by Lidio Albuquerque |
When statistician Nicole Lazar published an editorial in The American Statistician earlier this year advocating changes in the way scientists handle the troublesome issue of statistical significance, her father—who trained as a sociologist—asked her, "Are you getting death threats on Twitter?"
Lazar, a professor of statistics at the University of Georgia, doesn't use Twitter, but the question reveals how contentious the issue of statistical significance is. "You don't often think about statisticians getting emotional about things," Lazar told an audience of writers attending the Science Writers 2019 conference held in State College, Pa.,"but this is a topic that's been raising a lot of passion and discussion in our field.” Lazar spoke on Oct. 27 as part of the New Horizons in Science briefing organized by the Council for the Advancement of Science Writing (CASW).
Many scientists determine whether the results of their experiments are “statistically significant” by using statistical tests that result in a number known as the “p-value.” A p-value of less than 0.05 is commonly considered significant, and often erroneously characterized as meaning the findings are not likely to be the result of chance. What the number actually reveals is less straightforward, and even scientists have trouble explaining the precise meaning of the p-value. Using the threshold of p < 0.05 has been shown to be problematic, misleading, and even dangerous. Lazar’s editorial, “Moving to a World Beyond 'p < 0.05',” discusses several possibilities that will give researchers alternatives to an arbitrary p-value cut-off.
Saying more about research results
Lazar’s editorial led a special issue of The American Statistician journal that includes 43 online open-access papers with ideas on how to move past this problem. In general, statisticians are not advocating getting rid of p-values altogether. Instead, their suggestions point to a practice of reporting more results and statistical information. “And not just what is significant and catchy,” says Lazar. With a higher level of transparency, she argues, more meaningful interpretations are possible.
Findings based on one simple metric are problematic, Lazar explained. They’re the reason for countless papers being retracted from scientific journals. When studies are replicated, significant results tend to disappear. In 2005, Stanford epidemiologist John Ioannidis made waves with an essay titled “Why most published research findings are false,” outlining many of the pitfalls of using, and abusing, p-values. Abusive practices include “p-hacking,” where scientists manipulate the data, testing different combinations of variables until they find a p-value less than 0.05. Ioannidis also argued that focusing on the p-value while ignoring the size of the study and the size of the effect shown is especially problematic.
To counter this malpractice, in 2016 the American Statistical Association formed a committee of experts to develop possible solutions. Subsequently, a 2017 symposium on statistical inference with scientists from various disciplines discussed possible alternatives. The many suggestions included adopting a lower p-value of 0.005 as the threshold for significance, or analyzing the effects on a spectrum instead of using arbitrary categories. “We don't think there should be a one-size-fits-all solution.” Lazar says. “We think that different sciences, different disciplines are going to come to different solutions, and that's okay.”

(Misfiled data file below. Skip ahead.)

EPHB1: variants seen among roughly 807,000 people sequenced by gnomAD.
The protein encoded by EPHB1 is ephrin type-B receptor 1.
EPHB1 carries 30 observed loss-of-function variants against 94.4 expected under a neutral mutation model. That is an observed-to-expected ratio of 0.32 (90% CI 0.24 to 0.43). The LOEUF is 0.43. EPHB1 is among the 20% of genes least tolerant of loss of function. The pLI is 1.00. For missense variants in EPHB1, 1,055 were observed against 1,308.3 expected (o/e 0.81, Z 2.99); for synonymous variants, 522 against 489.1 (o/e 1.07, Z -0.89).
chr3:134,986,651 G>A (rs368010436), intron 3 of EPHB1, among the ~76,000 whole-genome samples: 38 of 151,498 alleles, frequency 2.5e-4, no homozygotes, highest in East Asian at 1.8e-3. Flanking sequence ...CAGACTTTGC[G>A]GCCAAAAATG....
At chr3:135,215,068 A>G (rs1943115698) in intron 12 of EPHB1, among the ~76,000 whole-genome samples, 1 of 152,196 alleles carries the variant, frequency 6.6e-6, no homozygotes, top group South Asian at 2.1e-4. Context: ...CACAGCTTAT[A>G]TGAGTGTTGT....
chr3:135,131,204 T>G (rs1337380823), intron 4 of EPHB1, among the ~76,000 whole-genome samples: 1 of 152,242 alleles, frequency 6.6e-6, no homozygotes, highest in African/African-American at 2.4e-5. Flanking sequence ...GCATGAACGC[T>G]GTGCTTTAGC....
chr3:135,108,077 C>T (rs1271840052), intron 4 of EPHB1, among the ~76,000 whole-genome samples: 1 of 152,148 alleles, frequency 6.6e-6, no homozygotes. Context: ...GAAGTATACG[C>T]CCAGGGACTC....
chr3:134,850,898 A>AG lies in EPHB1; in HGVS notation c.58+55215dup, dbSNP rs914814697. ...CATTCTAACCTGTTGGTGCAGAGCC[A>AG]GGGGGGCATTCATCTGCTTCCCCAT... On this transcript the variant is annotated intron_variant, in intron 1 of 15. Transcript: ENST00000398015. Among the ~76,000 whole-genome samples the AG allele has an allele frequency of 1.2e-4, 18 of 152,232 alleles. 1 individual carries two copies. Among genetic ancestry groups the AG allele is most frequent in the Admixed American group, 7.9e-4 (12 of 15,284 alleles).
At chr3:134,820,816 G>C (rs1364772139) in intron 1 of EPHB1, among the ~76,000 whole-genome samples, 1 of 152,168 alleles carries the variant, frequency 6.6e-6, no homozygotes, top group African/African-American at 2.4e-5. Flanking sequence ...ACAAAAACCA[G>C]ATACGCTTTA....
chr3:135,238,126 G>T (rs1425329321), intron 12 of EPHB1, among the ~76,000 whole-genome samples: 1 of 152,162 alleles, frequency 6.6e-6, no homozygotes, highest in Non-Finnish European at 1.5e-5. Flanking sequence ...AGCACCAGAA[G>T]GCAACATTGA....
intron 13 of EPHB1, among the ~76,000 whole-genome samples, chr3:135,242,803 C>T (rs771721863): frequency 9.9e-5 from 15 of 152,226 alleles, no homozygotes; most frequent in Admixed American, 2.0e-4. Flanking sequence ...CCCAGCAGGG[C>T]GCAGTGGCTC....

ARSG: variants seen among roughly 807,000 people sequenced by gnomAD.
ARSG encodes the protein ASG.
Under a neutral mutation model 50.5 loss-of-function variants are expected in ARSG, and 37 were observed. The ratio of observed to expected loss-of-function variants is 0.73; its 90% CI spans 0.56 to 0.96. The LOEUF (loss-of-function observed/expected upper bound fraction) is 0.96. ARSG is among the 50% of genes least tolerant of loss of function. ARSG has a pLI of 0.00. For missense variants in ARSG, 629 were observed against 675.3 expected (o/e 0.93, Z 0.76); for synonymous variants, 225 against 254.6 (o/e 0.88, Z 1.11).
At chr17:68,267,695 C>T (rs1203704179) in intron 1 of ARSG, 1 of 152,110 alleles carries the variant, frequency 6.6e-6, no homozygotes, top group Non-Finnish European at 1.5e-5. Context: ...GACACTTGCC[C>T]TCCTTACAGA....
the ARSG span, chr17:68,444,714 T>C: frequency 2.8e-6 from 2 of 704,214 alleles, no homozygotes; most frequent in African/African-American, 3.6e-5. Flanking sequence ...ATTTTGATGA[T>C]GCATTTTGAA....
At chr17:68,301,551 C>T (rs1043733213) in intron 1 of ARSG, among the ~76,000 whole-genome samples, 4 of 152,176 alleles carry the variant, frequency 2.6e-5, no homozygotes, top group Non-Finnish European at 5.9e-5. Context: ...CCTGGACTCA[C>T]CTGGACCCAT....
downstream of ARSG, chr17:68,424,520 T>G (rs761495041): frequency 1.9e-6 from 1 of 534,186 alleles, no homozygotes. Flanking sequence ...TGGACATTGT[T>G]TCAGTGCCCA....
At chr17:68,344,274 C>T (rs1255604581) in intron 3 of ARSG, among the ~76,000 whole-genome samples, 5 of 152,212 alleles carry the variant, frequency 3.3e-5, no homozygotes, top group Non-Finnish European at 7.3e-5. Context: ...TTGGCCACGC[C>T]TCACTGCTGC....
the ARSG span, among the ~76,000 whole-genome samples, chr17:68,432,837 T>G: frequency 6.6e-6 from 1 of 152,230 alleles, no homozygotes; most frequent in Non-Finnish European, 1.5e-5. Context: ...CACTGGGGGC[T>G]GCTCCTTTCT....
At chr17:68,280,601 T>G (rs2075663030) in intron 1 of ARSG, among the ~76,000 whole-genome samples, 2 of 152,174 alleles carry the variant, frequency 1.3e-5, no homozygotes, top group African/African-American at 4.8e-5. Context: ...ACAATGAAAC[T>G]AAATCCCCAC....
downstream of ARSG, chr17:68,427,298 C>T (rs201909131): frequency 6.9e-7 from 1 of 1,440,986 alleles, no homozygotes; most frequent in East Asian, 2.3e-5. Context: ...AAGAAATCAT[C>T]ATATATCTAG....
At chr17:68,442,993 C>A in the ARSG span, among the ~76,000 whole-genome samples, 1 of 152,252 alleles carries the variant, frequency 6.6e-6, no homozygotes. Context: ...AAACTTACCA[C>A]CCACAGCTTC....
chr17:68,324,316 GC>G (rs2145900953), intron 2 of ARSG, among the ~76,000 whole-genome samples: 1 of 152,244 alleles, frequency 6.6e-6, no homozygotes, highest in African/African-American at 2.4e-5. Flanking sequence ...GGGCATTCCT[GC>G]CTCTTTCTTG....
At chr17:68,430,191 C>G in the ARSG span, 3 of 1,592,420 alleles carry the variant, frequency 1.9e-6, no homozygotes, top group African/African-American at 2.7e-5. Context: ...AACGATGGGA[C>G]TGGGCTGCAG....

Keeping her science-writing audience in mind, Lazar made suggestions for how science journalists can better navigate the issue as well. In a culture where science news is often dominated by reports on a single scientific study with flashy findings, science journalists need to be skeptical about unexpected or counterintuitive results. Lazar cautioned that one paper with “statistically significant” results may not be reliable, and science writers should look for a convergence of results from multiple studies.
Can p-values be hazardous to your health?
Lazar shared an example of how relying too heavily on p-values can also be deadly. Earlier this year, biologist Janet Hapgood of the University of Cape Town consulted with Lazar about findings on relative risk of HIV infection between three different contraceptive methods in the ECHO Trial, a large epidemiological study involving 7,829 women.
Hapgood was concerned because the reported results had p-values slightly above 0.05, and so the researchers of the ECHO trial had concluded concluded that differences among methods were not significant. “They reached that conclusion because they are relying on the 0.05 threshold to do all their decision-making for them,” Lazar said.
As a result of the increased scrutiny of p-values, publication practices are already changing, with some journals requiring authors to avoid the “statistical significance” language. Besides journals, Lazar believes funding agencies need to encourage more in-depth analysis and reporting of results by requiring researchers to pre-register details of the statistical tests they plan to do for a given study.
Lazar is optimistic about what the future holds. “We're in a good position for change, and I'm really happy to be talking to science writers because it's all of us together, collectively, that are going to get us to this post-p < 0.05 world.”
Lidio Albuquerque (@LidioAlbuquerq1) is a Ph.D. candidate in Kinesiology at the University of Nevada, Las Vegas, where he is working with non-invasive brain stimulation to improve motor learning. He likes to tweet about neuroscience, wellness, and diversity in kinesiology. Lidio wrote this story as a participant in the ComSciCon-SciWri workshop at ScienceWriters2019.
Image: Comic from XKCD.